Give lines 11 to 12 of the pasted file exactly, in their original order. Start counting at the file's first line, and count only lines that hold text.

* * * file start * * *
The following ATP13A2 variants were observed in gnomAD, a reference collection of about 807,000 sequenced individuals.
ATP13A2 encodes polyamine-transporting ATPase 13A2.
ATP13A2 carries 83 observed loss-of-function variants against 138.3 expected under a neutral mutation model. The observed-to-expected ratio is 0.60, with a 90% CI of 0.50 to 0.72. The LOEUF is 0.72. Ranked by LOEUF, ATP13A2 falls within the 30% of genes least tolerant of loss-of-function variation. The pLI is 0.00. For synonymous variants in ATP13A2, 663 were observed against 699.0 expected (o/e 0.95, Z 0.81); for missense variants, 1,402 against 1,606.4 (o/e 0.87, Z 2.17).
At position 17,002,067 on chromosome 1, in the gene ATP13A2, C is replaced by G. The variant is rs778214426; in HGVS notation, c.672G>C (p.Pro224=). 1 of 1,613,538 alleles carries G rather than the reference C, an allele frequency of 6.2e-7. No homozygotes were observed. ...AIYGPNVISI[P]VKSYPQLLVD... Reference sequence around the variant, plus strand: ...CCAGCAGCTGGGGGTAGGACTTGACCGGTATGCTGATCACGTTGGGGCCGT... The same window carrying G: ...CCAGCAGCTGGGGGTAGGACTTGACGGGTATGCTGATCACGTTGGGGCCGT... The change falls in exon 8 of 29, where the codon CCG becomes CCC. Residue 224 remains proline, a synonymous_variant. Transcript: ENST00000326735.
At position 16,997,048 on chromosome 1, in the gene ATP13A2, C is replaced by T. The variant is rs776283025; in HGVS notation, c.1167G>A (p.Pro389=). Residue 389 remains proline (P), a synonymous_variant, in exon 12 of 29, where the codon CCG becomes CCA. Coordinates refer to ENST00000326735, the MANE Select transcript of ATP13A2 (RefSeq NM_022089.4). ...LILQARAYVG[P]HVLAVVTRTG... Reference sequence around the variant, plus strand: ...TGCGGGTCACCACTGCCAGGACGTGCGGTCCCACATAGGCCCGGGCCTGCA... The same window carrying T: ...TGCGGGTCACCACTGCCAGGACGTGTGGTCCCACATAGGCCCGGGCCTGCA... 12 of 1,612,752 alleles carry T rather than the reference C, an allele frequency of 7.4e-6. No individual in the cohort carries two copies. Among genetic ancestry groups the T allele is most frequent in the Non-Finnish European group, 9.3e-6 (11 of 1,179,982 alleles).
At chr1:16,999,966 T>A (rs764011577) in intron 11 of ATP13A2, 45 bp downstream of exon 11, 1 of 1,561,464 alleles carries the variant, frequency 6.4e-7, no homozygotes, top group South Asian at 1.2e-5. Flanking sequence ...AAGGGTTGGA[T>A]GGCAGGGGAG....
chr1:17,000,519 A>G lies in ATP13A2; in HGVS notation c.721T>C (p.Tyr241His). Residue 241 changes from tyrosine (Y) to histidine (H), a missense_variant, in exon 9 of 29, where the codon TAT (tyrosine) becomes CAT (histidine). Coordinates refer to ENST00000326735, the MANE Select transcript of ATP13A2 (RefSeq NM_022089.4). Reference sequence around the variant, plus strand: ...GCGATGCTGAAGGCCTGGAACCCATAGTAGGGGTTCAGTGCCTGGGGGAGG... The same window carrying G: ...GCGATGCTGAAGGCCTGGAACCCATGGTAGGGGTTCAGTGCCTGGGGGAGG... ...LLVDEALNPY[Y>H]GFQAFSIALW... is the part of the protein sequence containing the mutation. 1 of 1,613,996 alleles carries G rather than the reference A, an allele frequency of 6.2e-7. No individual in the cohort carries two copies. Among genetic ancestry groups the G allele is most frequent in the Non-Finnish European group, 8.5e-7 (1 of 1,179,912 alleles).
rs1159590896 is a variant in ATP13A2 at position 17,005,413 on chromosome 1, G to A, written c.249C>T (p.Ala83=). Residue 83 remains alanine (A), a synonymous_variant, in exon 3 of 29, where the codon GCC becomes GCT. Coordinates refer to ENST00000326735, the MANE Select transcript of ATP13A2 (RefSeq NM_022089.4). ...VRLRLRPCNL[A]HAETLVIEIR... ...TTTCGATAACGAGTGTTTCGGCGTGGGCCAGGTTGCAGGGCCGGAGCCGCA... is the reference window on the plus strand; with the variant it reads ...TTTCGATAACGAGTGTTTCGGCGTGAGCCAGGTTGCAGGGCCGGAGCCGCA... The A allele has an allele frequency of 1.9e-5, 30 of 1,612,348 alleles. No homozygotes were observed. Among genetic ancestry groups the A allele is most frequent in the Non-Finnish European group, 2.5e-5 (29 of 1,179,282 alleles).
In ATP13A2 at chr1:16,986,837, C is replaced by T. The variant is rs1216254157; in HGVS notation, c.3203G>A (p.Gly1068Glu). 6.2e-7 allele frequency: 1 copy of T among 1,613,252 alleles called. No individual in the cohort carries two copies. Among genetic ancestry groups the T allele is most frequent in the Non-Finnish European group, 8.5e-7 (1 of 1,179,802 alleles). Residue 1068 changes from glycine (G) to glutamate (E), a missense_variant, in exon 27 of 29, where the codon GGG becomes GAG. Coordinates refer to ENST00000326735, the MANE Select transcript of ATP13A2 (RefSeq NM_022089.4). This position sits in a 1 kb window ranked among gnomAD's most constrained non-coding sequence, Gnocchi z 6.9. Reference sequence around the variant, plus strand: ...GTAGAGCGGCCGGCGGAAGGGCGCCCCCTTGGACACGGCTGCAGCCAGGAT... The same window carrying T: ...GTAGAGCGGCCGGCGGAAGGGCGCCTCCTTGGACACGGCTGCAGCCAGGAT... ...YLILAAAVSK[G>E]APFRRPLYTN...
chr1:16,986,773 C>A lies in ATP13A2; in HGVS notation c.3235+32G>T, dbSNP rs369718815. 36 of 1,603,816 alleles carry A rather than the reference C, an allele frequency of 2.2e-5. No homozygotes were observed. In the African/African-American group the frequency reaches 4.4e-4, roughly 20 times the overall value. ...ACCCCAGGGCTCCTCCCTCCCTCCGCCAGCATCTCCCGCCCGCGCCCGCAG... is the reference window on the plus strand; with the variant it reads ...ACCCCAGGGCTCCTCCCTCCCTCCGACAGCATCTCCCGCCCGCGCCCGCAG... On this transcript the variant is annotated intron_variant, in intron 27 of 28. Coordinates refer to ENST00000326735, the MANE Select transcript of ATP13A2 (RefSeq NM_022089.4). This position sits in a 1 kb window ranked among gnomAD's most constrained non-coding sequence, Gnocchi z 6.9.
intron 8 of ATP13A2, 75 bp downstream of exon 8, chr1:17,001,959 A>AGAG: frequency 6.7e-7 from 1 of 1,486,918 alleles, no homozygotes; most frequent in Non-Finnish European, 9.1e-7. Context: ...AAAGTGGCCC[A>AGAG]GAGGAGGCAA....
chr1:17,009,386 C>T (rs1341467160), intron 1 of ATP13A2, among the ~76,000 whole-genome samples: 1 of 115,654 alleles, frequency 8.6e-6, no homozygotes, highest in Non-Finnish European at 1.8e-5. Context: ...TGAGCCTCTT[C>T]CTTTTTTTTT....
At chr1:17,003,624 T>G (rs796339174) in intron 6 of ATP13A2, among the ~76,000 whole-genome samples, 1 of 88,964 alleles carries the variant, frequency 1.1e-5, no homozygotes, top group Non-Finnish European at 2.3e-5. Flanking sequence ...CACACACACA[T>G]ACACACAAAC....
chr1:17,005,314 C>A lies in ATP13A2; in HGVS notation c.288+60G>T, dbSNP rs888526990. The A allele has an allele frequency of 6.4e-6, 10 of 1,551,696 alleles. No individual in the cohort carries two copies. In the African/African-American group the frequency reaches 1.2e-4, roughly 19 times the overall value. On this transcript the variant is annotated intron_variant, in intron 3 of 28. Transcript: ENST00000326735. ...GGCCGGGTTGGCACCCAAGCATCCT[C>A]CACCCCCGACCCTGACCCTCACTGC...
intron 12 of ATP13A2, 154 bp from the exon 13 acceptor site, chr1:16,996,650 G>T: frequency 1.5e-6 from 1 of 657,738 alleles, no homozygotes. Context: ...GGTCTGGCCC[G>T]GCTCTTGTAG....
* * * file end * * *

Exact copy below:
intron 8 of ATP13A2, 75 bp downstream of exon 8, chr1:17,001,959 A>AGAG: frequency 6.7e-7 from 1 of 1,486,918 alleles, no homozygotes; most frequent in Non-Finnish European, 9.1e-7. Context: ...AAAGTGGCCC[A>AGAG]GAGGAGGCAA....
chr1:17,009,386 C>T (rs1341467160), intron 1 of ATP13A2, among the ~76,000 whole-genome samples: 1 of 115,654 alleles, frequency 8.6e-6, no homozygotes, highest in Non-Finnish European at 1.8e-5. Context: ...TGAGCCTCTT[C>T]CTTTTTTTTT....